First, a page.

In this week's College Basketball Team Rankings, I provided a bracket based on my betting market power rankings. It turned out to be a pretty boring bracket (spoiler alert: Kentucky wins it all). So I've come up with some alternatives, with an eye towards picking optimal upsets. If you're in an office pool, you're going to have to pick some upsets in order to separate yourself from the pack. But not all upsets are created equal, so this post is intended to help you "pick your spots", so to speak.
I've created three new brackets that you're free to use. Which bracket you choose depends on how "risky" you want to get in your picks. "Slow and steady" does not win the race when it comes to most office pools. You're going to have to take some chances. Getting risky will give you a small probability of winning the pool, and a large probability of failing spectacularly. But that should be preferable to ending up with a "respectable" bracket that has virtually no chance of winning a pool (shades of the high variance strategy underdogs should employ). And if you're in an office pool with 20 other people, everybody is pretty much an underdog to win.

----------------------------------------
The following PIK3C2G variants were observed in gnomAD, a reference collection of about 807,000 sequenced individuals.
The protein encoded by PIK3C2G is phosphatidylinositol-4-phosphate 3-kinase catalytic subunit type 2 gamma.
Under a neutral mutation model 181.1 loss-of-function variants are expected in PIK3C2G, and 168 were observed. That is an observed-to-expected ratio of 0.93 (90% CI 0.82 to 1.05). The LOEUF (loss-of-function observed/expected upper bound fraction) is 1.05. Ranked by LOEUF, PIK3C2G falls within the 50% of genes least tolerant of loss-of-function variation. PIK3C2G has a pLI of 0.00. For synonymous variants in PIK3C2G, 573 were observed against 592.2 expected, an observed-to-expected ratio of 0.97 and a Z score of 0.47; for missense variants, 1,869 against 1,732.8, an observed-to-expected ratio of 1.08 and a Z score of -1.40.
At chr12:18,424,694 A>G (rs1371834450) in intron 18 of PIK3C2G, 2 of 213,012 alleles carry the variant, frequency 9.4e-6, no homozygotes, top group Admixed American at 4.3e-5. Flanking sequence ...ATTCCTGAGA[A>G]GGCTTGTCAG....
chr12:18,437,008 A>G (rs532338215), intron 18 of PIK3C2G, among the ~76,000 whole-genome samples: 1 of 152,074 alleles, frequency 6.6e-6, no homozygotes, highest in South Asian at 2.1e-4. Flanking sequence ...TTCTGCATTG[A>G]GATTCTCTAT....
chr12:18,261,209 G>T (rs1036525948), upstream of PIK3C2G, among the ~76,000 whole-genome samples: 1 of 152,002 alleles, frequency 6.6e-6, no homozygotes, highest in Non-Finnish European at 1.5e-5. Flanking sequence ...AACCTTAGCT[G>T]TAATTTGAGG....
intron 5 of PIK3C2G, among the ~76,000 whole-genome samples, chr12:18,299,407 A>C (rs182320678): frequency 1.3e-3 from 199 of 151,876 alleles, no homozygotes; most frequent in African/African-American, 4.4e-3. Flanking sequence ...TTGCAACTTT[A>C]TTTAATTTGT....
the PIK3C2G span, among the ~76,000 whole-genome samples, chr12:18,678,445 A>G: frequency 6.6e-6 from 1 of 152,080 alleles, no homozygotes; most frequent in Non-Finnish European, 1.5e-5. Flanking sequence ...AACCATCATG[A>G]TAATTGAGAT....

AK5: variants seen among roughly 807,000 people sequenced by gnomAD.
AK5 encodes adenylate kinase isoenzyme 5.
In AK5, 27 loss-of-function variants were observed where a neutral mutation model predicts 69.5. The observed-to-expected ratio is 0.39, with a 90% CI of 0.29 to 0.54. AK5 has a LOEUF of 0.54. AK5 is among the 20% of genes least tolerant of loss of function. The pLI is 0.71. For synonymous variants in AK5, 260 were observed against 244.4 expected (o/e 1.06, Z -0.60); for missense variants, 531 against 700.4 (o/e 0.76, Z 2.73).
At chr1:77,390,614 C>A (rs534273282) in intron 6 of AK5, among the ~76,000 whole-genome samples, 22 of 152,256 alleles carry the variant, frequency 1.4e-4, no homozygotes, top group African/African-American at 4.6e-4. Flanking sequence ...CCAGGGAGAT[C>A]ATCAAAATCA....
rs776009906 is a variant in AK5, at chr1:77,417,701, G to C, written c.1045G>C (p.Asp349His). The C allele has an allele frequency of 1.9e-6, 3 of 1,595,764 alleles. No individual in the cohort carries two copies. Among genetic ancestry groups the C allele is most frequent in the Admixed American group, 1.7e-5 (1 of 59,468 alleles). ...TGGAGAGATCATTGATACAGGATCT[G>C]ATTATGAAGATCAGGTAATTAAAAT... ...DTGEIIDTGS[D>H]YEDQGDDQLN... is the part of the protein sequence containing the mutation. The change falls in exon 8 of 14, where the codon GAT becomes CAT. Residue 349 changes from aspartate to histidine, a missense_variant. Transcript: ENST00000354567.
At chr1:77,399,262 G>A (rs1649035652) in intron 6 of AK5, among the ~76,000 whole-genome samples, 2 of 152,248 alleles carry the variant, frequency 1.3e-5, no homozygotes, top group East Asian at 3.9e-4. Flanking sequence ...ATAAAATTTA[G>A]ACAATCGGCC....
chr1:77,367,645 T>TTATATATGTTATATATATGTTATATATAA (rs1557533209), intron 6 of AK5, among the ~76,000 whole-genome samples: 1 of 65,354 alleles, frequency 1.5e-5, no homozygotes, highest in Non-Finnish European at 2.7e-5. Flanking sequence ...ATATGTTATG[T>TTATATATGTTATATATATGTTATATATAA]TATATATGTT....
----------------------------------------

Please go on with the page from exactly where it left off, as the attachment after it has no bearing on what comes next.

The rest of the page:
To come up with a bracket that picks optimal upsets, I came up with a rule that applied a cutoff to when I would pick a lower seed, even if my rankings indicate I should pick the higher seeded team (higher seeded in this context means the better team according to seed - 1 is a higher seed than 4). So, if my cutoff was 3 points, then I would pick the lower seeded team as long as they weren't expected to be any worse than a 3 point underdog.
Here is a link to the bracket based on solely picking the better team according to my betting market rankings:link
And here are the new brackets:
The "Weekend in Vegas" bracket - This is the least risky of the three brackets. The cutoff is 2 points. So, I only pick the lower seeded team if they are expected to be no worse than a 2 point underdog. The bracket: link.
The "Bet the Farm" bracket - This is the next risky of the three. The cutoff is 5 points, meaning I pick the lower seed as long they aren't expected to be worse than a 5 point underdog. The bracket: link.
The "Jérôme Kerviel" bracket - This is named in honor of French "rogue" trader Jérôme Kerviel, who gambled with his employer's money, ultimately leading to losses valued at €4.9 billion (at least according to his employer, Société Générale; Jerome's sentence is currently suspended pending his appeal). I used a cutoff of 8 points for this bracket, meaning that it picks the lower seed as long as they are expected to be no worse than an 8 point underdog. The bracket: link.
As a rule of thumb, the more people you have in your office pool, the riskier you're going to have to get. In addition, if your pool gives bonus points for picking upsets, it may make more sense to use the "Bet the Farm" or "Jerome Kerviel" bracket.